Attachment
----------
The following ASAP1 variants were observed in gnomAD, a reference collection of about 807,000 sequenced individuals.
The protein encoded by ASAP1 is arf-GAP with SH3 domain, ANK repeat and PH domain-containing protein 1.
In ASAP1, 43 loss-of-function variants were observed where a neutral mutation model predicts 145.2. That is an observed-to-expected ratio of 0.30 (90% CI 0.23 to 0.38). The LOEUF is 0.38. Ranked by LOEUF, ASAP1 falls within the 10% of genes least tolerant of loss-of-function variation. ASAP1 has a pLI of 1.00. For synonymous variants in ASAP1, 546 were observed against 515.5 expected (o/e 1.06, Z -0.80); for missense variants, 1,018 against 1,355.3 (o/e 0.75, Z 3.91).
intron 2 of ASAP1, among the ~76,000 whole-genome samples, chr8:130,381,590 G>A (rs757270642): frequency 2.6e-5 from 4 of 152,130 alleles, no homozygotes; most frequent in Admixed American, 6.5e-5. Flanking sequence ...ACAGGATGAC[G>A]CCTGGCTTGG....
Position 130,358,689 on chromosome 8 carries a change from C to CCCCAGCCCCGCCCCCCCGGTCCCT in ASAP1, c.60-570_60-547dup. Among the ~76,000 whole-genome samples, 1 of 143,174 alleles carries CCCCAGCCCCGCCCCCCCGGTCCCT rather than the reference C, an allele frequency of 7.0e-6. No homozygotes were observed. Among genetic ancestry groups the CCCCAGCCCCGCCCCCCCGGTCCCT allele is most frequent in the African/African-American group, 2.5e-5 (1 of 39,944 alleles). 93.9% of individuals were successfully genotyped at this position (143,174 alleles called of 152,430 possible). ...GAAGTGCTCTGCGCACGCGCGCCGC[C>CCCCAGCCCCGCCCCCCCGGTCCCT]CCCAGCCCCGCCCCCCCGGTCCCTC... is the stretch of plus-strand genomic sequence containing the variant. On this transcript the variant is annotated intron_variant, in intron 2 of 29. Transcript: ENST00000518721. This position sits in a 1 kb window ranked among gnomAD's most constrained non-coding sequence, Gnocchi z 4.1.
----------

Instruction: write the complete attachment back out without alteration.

The following ASAP1 variants were observed in gnomAD, a reference collection of about 807,000 sequenced individuals.
The protein encoded by ASAP1 is arf-GAP with SH3 domain, ANK repeat and PH domain-containing protein 1.
In ASAP1, 43 loss-of-function variants were observed where a neutral mutation model predicts 145.2. That is an observed-to-expected ratio of 0.30 (90% CI 0.23 to 0.38). The LOEUF is 0.38. Ranked by LOEUF, ASAP1 falls within the 10% of genes least tolerant of loss-of-function variation. ASAP1 has a pLI of 1.00. For synonymous variants in ASAP1, 546 were observed against 515.5 expected (o/e 1.06, Z -0.80); for missense variants, 1,018 against 1,355.3 (o/e 0.75, Z 3.91).
intron 2 of ASAP1, among the ~76,000 whole-genome samples, chr8:130,381,590 G>A (rs757270642): frequency 2.6e-5 from 4 of 152,130 alleles, no homozygotes; most frequent in Admixed American, 6.5e-5. Flanking sequence ...ACAGGATGAC[G>A]CCTGGCTTGG....
Position 130,358,689 on chromosome 8 carries a change from C to CCCCAGCCCCGCCCCCCCGGTCCCT in ASAP1, c.60-570_60-547dup. Among the ~76,000 whole-genome samples, 1 of 143,174 alleles carries CCCCAGCCCCGCCCCCCCGGTCCCT rather than the reference C, an allele frequency of 7.0e-6. No homozygotes were observed. Among genetic ancestry groups the CCCCAGCCCCGCCCCCCCGGTCCCT allele is most frequent in the African/African-American group, 2.5e-5 (1 of 39,944 alleles). 93.9% of individuals were successfully genotyped at this position (143,174 alleles called of 152,430 possible). ...GAAGTGCTCTGCGCACGCGCGCCGC[C>CCCCAGCCCCGCCCCCCCGGTCCCT]CCCAGCCCCGCCCCCCCGGTCCCTC... is the stretch of plus-strand genomic sequence containing the variant. On this transcript the variant is annotated intron_variant, in intron 2 of 29. Transcript: ENST00000518721. This position sits in a 1 kb window ranked among gnomAD's most constrained non-coding sequence, Gnocchi z 4.1.